|Table 4: Adverse events with a suspected relationship with G-CSF by system organ class and preferred term|
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The maximum grade of AE reported according to CTCAE version 5.0 was grade 3 [Table 5]. Out of 29 patients reporting bone pain, 8 had grade 3, 17 had grade 2, and the remaining 4 had grade 1 toxicity. Fatigue of grade 2 variety was present in 17% of patients while grade 3 fatigue was present in 2% of patients. Among gastrointestinal disorders, 27% of patients had nausea of grade 1 variety and 6% of patients had grade 2 variety. Dyspnea of grade 1 variety was present in 5% of patients.
Causality analysis by WHO-UMC scale showed bone pain having a “probable” type of causal association with G-CSF in 21% of the patients and “possible” type in remaining 8% of the patients [Table 6]. None of the causal associations were “certain” or “unlikely”.
|Table 5: Toxicity grading using common terminology criteria for adverse events version 5.0|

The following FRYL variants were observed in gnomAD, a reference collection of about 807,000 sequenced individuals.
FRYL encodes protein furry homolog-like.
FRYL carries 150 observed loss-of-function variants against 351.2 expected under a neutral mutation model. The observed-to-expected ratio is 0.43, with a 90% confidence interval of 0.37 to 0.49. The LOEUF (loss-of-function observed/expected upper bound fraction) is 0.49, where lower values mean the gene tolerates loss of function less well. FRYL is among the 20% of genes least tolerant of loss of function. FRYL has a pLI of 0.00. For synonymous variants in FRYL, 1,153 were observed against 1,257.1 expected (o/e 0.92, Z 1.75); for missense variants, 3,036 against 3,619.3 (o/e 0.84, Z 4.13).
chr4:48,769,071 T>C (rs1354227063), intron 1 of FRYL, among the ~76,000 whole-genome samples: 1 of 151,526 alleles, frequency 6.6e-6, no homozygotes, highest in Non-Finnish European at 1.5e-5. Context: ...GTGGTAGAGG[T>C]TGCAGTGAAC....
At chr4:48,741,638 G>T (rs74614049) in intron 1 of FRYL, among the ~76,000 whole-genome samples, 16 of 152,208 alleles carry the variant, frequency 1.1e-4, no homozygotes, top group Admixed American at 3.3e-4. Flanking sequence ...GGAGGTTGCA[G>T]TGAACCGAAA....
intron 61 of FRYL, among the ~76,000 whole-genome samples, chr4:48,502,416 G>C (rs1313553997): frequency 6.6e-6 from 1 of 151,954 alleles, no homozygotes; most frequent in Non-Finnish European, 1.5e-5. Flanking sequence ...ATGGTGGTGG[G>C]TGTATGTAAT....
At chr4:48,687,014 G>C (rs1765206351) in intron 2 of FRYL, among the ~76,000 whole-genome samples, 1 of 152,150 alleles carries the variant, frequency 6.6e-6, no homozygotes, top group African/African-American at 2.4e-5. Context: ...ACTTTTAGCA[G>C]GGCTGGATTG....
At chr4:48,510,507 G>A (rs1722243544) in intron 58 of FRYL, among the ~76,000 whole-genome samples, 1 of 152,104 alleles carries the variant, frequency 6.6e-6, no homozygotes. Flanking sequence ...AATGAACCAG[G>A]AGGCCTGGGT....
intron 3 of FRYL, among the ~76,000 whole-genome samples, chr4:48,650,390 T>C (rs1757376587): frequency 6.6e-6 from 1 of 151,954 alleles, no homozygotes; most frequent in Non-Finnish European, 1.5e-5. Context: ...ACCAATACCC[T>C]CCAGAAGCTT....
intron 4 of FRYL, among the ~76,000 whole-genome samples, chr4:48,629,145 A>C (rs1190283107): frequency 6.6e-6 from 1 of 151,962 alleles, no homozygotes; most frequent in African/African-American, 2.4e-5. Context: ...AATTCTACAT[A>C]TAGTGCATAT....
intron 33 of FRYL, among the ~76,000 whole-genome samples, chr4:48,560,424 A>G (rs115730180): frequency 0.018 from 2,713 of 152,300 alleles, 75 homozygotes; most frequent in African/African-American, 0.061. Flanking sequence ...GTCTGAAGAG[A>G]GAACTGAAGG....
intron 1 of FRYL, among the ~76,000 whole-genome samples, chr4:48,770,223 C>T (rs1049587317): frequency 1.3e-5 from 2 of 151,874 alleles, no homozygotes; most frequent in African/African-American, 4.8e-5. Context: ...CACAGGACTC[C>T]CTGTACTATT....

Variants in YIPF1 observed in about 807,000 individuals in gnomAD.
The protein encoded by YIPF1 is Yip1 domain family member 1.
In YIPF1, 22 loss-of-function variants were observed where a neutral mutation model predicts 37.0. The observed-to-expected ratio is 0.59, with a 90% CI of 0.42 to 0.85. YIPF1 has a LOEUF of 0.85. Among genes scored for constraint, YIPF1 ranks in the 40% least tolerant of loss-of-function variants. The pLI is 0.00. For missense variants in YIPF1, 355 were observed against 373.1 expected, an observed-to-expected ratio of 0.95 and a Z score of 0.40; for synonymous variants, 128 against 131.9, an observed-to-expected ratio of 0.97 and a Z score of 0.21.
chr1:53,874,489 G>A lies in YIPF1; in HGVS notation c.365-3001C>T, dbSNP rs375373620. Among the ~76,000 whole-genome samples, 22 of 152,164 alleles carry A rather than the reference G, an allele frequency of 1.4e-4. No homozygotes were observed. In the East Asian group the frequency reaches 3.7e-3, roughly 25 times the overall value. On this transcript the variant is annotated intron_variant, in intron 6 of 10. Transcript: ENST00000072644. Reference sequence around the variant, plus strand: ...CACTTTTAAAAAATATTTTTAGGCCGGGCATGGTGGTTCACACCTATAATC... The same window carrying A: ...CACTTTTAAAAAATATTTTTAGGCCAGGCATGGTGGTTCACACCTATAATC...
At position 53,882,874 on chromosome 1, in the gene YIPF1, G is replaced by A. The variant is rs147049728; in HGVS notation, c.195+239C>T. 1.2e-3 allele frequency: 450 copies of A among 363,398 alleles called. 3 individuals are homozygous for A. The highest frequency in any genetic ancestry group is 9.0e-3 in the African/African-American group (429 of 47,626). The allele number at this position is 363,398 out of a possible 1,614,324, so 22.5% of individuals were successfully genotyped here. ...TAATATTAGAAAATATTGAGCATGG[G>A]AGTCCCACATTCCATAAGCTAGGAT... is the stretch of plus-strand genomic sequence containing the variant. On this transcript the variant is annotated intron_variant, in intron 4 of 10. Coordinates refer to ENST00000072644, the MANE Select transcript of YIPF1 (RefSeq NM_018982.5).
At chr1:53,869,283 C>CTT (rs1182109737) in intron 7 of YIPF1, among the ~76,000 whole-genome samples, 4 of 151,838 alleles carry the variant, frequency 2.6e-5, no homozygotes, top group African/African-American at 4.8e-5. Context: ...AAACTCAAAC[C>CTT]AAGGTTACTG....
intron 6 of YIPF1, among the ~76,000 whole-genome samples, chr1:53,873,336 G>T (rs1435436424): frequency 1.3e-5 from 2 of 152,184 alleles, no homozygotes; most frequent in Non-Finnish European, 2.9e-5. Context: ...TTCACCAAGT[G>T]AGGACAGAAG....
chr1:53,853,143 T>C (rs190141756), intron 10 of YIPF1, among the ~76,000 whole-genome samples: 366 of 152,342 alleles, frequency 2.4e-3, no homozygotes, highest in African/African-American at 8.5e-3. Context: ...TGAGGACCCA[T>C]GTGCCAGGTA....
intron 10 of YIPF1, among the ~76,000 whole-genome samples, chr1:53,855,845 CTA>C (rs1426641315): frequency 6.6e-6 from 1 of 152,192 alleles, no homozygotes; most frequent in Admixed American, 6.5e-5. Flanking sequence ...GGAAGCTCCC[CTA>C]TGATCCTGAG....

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| » Discussion|| |
Safety monitoring is an essential requirement for the detection of AEs which emerge during post-approval phase of a drug in patient population. Due to the increasing use of chemotherapy drugs, the incidence of CIN has increased over the past few decades. With the introduction of G-CSF biosimilars in CIN management, it has become a lot more important to document the risks associated with G-CSF which did not emerge during its pre-approval phase.
Our findings showed that G-CSF is generally well-tolerated in CIN patients with no serious AE. This result is similar to findings in studies done in western academic health centres. All patients reported at least one AE. Bone pain was the most frequent AE in our study; however, the incidence was much higher (29%) compared to HEXAFIL study (2.9%) but almost similar to the MONITOR-GCSF study (24.7%)., This difference can be attributed to the difference in patient population, chemotherapy regimen used or how bone pain was defined and reported. Musculoskeletal and connective tissue disorders constituted the maximum AEs in our study which was similar to a meta-analysis drawn from large G-CSF trials in breast cancer patients. Gastrointestinal disorders, and general disorders and administration site conditions constituted the other major reported AEs, which was similar to previous phase III trials on the safety analysis of G-CSF biosimilar with the reference product.